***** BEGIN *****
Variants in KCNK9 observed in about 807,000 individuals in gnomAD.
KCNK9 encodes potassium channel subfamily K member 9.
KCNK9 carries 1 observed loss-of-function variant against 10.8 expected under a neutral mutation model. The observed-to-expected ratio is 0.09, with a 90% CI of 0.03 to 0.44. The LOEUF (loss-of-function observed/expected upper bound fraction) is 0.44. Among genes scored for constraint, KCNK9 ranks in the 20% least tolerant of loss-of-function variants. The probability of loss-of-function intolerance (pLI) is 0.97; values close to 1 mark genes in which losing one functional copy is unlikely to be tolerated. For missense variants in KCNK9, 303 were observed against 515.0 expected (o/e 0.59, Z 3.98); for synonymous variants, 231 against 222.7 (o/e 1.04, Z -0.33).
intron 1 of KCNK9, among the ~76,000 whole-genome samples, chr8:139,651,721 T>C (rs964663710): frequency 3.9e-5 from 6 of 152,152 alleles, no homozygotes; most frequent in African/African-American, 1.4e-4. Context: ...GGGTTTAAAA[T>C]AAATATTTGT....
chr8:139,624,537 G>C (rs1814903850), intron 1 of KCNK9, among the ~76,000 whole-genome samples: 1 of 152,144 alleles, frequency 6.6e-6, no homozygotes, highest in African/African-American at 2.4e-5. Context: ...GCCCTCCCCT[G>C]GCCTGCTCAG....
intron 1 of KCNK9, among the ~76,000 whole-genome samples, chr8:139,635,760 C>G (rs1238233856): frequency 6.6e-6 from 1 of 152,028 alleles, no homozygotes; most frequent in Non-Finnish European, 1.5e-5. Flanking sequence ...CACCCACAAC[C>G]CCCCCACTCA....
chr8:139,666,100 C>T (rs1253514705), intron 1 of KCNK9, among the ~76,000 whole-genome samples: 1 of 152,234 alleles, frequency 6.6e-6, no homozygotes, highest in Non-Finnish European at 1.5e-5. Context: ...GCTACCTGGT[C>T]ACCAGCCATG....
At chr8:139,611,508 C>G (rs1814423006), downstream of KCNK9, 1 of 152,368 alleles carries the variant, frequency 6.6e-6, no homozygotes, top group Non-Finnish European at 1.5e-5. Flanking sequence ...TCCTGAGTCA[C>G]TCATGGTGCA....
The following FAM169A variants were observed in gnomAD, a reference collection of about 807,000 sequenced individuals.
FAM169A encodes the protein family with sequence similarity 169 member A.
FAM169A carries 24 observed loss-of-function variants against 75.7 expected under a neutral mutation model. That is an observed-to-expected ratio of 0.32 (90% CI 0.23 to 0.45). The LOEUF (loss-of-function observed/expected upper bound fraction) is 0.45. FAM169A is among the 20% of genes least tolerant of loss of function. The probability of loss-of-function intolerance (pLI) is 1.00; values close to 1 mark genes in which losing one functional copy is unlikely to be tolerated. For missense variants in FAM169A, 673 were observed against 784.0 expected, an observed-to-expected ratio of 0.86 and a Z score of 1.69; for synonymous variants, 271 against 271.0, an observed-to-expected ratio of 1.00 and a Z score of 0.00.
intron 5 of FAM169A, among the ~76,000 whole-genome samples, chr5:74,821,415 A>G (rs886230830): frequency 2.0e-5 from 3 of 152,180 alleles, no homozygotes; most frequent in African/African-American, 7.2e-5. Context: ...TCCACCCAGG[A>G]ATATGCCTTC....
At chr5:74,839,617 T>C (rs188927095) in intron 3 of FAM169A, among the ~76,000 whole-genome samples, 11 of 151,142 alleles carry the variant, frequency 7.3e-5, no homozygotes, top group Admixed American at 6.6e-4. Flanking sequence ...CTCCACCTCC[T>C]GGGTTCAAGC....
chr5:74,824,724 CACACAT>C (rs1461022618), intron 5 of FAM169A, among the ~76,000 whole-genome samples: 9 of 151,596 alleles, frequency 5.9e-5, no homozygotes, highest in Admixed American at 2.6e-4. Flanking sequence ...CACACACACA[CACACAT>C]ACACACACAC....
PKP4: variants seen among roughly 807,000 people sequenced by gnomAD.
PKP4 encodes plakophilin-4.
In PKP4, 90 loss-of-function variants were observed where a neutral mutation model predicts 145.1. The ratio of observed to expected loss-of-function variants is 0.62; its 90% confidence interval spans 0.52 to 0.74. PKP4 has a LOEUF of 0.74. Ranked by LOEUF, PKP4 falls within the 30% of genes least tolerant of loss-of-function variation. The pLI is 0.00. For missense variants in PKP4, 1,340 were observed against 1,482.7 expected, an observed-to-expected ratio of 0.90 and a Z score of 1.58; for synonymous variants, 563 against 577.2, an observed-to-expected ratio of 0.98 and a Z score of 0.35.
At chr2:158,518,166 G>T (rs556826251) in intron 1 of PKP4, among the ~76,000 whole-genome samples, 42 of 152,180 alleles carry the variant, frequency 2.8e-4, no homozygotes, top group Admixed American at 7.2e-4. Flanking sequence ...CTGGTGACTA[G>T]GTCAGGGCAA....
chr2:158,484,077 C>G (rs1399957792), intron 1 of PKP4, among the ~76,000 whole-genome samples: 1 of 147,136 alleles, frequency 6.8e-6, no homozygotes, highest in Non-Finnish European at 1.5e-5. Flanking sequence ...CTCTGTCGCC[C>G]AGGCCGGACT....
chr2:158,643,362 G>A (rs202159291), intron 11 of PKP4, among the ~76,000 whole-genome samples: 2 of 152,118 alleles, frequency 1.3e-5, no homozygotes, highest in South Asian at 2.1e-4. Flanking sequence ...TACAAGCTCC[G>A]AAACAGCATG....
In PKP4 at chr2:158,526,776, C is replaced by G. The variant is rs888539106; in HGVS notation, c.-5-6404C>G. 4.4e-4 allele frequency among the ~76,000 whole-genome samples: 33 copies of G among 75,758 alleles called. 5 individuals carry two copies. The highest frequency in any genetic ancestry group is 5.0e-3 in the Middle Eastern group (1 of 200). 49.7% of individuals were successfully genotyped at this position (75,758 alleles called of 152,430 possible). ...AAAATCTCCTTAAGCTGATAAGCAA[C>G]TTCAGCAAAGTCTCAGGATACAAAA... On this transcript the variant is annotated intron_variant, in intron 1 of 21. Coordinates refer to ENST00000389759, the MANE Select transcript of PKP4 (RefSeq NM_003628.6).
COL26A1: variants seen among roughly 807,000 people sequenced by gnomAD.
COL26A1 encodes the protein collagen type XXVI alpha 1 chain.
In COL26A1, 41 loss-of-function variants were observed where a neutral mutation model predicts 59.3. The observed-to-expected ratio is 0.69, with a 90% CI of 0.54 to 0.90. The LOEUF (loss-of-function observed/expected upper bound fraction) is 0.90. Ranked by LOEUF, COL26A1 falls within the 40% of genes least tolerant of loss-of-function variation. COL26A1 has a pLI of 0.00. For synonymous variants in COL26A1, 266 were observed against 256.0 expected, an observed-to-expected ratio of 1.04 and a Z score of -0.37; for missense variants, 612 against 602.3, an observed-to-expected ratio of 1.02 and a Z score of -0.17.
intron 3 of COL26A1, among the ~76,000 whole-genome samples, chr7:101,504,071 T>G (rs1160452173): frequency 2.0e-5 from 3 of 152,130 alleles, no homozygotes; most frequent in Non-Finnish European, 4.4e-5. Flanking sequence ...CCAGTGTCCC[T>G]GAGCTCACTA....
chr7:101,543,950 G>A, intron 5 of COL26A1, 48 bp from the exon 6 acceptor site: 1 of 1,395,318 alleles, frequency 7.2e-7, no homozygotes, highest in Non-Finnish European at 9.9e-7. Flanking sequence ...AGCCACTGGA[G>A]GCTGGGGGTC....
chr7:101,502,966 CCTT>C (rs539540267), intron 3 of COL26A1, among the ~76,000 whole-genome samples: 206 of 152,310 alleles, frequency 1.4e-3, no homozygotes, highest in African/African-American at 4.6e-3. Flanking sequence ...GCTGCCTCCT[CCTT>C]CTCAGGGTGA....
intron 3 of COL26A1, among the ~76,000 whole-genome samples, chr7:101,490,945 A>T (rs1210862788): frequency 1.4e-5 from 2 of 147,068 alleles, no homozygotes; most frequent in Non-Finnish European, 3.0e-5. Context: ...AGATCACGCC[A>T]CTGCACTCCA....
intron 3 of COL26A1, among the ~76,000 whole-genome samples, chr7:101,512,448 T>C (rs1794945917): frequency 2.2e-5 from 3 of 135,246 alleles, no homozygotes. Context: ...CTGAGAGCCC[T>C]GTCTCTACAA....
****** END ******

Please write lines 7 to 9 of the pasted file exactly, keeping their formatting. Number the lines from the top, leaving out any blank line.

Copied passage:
chr8:139,666,100 C>T (rs1253514705), intron 1 of KCNK9, among the ~76,000 whole-genome samples: 1 of 152,234 alleles, frequency 6.6e-6, no homozygotes, highest in Non-Finnish European at 1.5e-5. Context: ...GCTACCTGGT[C>T]ACCAGCCATG....
At chr8:139,611,508 C>G (rs1814423006), downstream of KCNK9, 1 of 152,368 alleles carries the variant, frequency 6.6e-6, no homozygotes, top group Non-Finnish European at 1.5e-5. Flanking sequence ...TCCTGAGTCA[C>G]TCATGGTGCA....
The following FAM169A variants were observed in gnomAD, a reference collection of about 807,000 sequenced individuals.